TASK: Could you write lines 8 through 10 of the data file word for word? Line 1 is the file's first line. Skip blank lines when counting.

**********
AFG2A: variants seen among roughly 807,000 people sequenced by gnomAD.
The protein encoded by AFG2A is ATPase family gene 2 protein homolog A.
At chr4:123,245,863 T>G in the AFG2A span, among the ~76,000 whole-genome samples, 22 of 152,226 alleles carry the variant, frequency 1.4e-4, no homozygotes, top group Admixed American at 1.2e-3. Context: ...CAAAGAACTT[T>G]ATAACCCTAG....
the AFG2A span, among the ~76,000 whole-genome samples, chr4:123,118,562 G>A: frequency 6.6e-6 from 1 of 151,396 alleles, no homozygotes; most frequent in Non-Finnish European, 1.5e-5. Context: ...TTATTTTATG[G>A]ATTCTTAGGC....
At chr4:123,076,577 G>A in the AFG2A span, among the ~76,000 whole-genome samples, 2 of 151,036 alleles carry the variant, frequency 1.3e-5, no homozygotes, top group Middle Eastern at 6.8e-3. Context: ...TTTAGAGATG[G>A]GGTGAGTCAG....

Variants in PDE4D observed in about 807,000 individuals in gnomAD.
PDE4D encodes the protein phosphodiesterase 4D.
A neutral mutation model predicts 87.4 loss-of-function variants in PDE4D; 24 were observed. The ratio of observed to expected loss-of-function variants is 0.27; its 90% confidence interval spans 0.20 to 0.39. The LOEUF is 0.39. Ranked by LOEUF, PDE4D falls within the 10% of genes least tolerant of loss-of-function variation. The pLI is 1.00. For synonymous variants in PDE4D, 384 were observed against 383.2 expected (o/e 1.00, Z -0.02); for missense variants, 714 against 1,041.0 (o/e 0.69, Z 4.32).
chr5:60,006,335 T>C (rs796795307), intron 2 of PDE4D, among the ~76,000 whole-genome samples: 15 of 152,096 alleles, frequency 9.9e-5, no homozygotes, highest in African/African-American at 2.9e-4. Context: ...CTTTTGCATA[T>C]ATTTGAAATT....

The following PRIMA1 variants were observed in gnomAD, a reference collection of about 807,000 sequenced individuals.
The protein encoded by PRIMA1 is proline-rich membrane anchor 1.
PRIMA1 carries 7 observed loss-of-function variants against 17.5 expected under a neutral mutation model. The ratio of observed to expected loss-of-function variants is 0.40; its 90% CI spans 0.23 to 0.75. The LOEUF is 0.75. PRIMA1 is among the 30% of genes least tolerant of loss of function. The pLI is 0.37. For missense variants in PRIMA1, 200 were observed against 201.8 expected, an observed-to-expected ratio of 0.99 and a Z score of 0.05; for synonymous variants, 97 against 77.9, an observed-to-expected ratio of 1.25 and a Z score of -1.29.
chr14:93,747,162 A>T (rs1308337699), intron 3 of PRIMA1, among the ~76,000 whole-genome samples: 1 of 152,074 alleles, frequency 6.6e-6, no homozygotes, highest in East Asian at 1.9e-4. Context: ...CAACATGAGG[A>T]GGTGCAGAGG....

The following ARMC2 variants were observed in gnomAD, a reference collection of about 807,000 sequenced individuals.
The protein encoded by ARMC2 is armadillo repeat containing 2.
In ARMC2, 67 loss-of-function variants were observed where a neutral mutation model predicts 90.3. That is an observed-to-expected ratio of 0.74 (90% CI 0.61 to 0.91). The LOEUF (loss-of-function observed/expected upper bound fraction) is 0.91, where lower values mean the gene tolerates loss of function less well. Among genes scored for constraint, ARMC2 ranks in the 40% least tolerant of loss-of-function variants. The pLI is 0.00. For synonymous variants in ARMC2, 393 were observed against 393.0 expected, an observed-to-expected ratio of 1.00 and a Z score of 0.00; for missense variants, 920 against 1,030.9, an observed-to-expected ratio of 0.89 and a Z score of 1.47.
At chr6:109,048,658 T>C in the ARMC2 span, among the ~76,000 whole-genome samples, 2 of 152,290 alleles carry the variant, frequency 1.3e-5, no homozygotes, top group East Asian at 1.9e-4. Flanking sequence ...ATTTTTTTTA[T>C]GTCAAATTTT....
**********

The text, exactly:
A neutral mutation model predicts 87.4 loss-of-function variants in PDE4D; 24 were observed. The ratio of observed to expected loss-of-function variants is 0.27; its 90% confidence interval spans 0.20 to 0.39. The LOEUF is 0.39. Ranked by LOEUF, PDE4D falls within the 10% of genes least tolerant of loss-of-function variation. The pLI is 1.00. For synonymous variants in PDE4D, 384 were observed against 383.2 expected (o/e 1.00, Z -0.02); for missense variants, 714 against 1,041.0 (o/e 0.69, Z 4.32).
chr5:60,006,335 T>C (rs796795307), intron 2 of PDE4D, among the ~76,000 whole-genome samples: 15 of 152,096 alleles, frequency 9.9e-5, no homozygotes, highest in African/African-American at 2.9e-4. Context: ...CTTTTGCATA[T>C]ATTTGAAATT....

The following PRIMA1 variants were observed in gnomAD, a reference collection of about 807,000 sequenced individuals.